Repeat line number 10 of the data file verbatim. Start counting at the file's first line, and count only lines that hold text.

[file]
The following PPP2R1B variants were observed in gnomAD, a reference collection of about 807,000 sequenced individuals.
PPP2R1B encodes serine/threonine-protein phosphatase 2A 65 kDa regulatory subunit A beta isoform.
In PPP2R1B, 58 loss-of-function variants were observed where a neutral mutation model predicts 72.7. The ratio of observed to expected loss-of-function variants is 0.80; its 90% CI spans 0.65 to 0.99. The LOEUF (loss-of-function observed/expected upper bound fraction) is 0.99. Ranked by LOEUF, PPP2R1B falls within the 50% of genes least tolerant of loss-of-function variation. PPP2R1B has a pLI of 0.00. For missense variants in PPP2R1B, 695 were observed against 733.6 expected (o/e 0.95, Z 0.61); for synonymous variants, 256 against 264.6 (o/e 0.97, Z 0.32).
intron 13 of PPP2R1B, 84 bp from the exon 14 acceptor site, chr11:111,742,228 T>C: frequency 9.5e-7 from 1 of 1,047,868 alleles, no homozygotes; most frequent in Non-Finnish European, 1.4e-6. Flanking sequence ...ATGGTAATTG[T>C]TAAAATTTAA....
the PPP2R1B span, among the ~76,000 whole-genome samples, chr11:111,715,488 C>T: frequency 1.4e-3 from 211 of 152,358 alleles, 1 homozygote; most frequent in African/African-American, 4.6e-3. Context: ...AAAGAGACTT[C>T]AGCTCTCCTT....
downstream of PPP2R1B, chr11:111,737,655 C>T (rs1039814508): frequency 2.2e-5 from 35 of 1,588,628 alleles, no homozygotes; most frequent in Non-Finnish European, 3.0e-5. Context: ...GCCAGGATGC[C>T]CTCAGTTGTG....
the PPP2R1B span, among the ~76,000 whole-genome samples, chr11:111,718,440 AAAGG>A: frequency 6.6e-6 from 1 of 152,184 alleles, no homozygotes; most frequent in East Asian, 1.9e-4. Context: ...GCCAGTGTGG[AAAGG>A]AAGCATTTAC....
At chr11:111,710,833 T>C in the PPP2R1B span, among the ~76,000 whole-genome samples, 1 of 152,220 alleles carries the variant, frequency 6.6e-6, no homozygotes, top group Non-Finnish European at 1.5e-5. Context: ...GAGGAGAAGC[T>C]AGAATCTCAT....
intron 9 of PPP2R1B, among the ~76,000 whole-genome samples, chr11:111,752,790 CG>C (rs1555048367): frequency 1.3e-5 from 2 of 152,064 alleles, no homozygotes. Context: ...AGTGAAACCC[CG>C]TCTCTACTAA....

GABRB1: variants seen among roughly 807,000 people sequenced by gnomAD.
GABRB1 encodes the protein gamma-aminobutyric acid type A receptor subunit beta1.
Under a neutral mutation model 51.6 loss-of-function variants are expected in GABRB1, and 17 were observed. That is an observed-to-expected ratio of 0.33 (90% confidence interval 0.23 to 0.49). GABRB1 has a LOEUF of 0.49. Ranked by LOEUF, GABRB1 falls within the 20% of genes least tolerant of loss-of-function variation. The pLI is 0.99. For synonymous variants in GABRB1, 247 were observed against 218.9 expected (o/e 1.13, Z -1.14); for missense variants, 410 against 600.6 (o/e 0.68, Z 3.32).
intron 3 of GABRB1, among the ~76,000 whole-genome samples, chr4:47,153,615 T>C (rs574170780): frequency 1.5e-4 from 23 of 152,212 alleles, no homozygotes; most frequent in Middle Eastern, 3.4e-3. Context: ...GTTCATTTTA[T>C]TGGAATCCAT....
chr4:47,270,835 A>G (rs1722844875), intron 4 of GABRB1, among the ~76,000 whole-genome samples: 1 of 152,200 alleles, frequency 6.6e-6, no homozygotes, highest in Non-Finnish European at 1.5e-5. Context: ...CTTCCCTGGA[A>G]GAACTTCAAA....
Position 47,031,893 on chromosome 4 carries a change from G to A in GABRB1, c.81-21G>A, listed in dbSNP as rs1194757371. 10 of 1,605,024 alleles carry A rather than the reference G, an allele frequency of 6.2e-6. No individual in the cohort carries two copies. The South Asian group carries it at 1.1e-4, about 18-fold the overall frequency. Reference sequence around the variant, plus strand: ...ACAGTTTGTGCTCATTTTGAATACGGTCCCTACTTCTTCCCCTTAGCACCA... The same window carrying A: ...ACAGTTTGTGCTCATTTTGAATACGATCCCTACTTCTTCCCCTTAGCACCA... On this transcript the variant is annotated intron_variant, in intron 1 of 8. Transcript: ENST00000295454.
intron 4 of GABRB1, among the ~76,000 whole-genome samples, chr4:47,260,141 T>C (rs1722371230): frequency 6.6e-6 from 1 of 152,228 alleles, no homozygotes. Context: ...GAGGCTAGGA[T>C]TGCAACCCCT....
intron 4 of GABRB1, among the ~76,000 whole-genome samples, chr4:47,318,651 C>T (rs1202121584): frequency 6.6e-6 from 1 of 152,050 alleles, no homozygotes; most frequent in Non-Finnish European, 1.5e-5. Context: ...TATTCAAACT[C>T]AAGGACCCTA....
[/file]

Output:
GABRB1: variants seen among roughly 807,000 people sequenced by gnomAD.